This lack of imagination, and its correlative anthropocentrism, is similar to the idea that pervades histories of science and philosophy in general: forget the ancient Chinese, the ancient Indians, the ancient cultures of the Pacific and the Americas: science and philosophy started with the Greeks. Why? Because their science and philosophy are like “ours". Gonzalez and Richards betray this bias when they write, “a planet in a giant molecular cloud in a spiral arm might be a good place to learn about star formation and interstellar chemistry, but observers there would find the distant universe to be hidden from view. In contrast, Earth offers surprisingly good views of the distant and nearby universe while providing an effective platform for discovering the laws of physics.” No doubt “the laws of physics” are important, but is the discovery of such laws the only criteria for intelligence? A race of beings in a spiral arm might not be scientists at all: they might be poets, endlessly inspired by the spiraling clouds of gas that lit their skies.

This isn’t just a lack of imagination, though: it’s also racism. For if the criteria of “intelligent life” is, as they claim, knowing the laws of physics and being able to make scientific discoveries, then what are we to say about the many cultures here on Earth which have never trod the path of science? Consider the few remaining speakers of Mura, a language family of the rainforest peoples of Amazonia. Consisting of only a few phonemes (a handful of consonants and only three vowels), these indigenes know nothing of “our” physics. Are they not, then, intelligent life forms? By the criteria set forth in The Privileged Planet, the answer has to be no. Yet the indigenes of Amazonia know more about rainforest botany than anyone on Earth. Botanists and pharmacologists from all over the world have gone to great lengths to learn what the Mura know before they are wiped off the face of the planet.

Most of the stars astronomers have observed, Gonzalez and Richards correctly point out, are red dwarfs, cold and inhospitable to life, while the Sun, with its relatively stable light output, is in fact rare, not, as commonly believed, small and average. True enough, but this neglects the fact that most red dwarfs passed through what astronomers call the Main Sequence on their way to their present condition. In other words, at some point in the past, red-dwarf stars would have been, for a period of billions of years, similar to our Sun. The argument of The Privileged Planet hinges on the idea that life in the Universe must all be co-temporal; if it doesn’t exist in the conditions present in the Universe now, then it doesn’t exist.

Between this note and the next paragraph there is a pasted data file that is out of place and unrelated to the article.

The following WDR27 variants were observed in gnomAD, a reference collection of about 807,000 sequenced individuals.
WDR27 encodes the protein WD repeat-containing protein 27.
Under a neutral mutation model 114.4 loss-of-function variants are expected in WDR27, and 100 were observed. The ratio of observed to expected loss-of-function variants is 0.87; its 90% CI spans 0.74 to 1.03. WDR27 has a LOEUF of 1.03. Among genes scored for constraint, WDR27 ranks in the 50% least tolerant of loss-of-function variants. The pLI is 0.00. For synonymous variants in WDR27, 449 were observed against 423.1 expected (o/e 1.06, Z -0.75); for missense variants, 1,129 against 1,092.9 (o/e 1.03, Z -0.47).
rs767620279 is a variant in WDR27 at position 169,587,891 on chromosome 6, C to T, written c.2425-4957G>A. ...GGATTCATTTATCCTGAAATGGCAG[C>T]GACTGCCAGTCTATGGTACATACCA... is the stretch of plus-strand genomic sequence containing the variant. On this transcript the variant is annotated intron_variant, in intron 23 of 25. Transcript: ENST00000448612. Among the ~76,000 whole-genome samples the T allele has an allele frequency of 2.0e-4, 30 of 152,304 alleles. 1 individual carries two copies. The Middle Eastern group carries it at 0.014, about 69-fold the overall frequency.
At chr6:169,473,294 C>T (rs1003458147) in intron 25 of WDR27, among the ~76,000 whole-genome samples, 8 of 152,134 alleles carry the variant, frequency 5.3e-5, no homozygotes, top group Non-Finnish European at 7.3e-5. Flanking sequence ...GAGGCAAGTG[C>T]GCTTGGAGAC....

The hubris of Gonzalez and Richards is in assuming that their minds can wrap around all that is possible. But their minds can’t even wrap around the possibility of the different kinds of intelligence right here on Earth. They don’t mention biology, having left the problem of evolution to other shock troops of the “intelligent design” army (William Dembski’s The Design Inference is the general of that bunch). So how can they be trusted to inform us of “intelligent design” in the Universe?

They can’t. The Privileged Planet is a thinly disguised racist tract. It’s only possible value is to provide ammunition for those who would oppress and exterminate cultures here on Earth with different life ways, different intelligences, and, especially, different ways of knowing the world (such as the Enlightened, scientific way). As such, it’s part of a “Trojan horse” (as Barbara Forrest calls it) movement called “creation science.” Many scientists, including Forrest, have critiques the new creationism on the grounds that it simply isn’t science. True enough, and fine as far as that goes. But such critiques don’t go nearly far enough: it’s time to call the new creationism what it is: racism of a most pernicious sort.

© 2004 by Brian Charles Clark for